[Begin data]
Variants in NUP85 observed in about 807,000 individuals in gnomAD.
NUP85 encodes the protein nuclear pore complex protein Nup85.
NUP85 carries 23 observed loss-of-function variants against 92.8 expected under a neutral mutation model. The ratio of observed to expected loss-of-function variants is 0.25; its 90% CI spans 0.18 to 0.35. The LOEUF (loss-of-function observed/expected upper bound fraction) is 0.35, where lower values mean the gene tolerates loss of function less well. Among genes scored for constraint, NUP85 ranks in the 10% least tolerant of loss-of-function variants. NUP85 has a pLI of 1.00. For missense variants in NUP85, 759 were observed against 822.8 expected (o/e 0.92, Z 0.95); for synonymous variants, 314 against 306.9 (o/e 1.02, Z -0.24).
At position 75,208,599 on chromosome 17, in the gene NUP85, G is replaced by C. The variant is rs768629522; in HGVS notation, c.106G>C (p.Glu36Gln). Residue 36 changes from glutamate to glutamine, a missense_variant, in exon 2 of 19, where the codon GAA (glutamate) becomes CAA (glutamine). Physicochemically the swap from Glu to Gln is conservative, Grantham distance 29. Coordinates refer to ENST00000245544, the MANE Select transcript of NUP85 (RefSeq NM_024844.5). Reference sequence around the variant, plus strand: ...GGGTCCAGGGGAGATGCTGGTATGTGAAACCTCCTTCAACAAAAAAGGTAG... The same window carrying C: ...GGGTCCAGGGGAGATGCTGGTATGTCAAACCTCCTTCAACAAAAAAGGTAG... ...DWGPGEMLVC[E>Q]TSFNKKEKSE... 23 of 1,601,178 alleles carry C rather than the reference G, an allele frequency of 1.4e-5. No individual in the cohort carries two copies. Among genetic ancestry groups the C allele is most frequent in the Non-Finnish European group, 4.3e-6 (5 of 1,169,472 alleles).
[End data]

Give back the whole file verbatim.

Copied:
Variants in NUP85 observed in about 807,000 individuals in gnomAD.
NUP85 encodes the protein nuclear pore complex protein Nup85.
NUP85 carries 23 observed loss-of-function variants against 92.8 expected under a neutral mutation model. The ratio of observed to expected loss-of-function variants is 0.25; its 90% CI spans 0.18 to 0.35. The LOEUF (loss-of-function observed/expected upper bound fraction) is 0.35, where lower values mean the gene tolerates loss of function less well. Among genes scored for constraint, NUP85 ranks in the 10% least tolerant of loss-of-function variants. NUP85 has a pLI of 1.00. For missense variants in NUP85, 759 were observed against 822.8 expected (o/e 0.92, Z 0.95); for synonymous variants, 314 against 306.9 (o/e 1.02, Z -0.24).
At position 75,208,599 on chromosome 17, in the gene NUP85, G is replaced by C. The variant is rs768629522; in HGVS notation, c.106G>C (p.Glu36Gln). Residue 36 changes from glutamate to glutamine, a missense_variant, in exon 2 of 19, where the codon GAA (glutamate) becomes CAA (glutamine). Physicochemically the swap from Glu to Gln is conservative, Grantham distance 29. Coordinates refer to ENST00000245544, the MANE Select transcript of NUP85 (RefSeq NM_024844.5). Reference sequence around the variant, plus strand: ...GGGTCCAGGGGAGATGCTGGTATGTGAAACCTCCTTCAACAAAAAAGGTAG... The same window carrying C: ...GGGTCCAGGGGAGATGCTGGTATGTCAAACCTCCTTCAACAAAAAAGGTAG... ...DWGPGEMLVC[E>Q]TSFNKKEKSE... 23 of 1,601,178 alleles carry C rather than the reference G, an allele frequency of 1.4e-5. No individual in the cohort carries two copies. Among genetic ancestry groups the C allele is most frequent in the Non-Finnish European group, 4.3e-6 (5 of 1,169,472 alleles).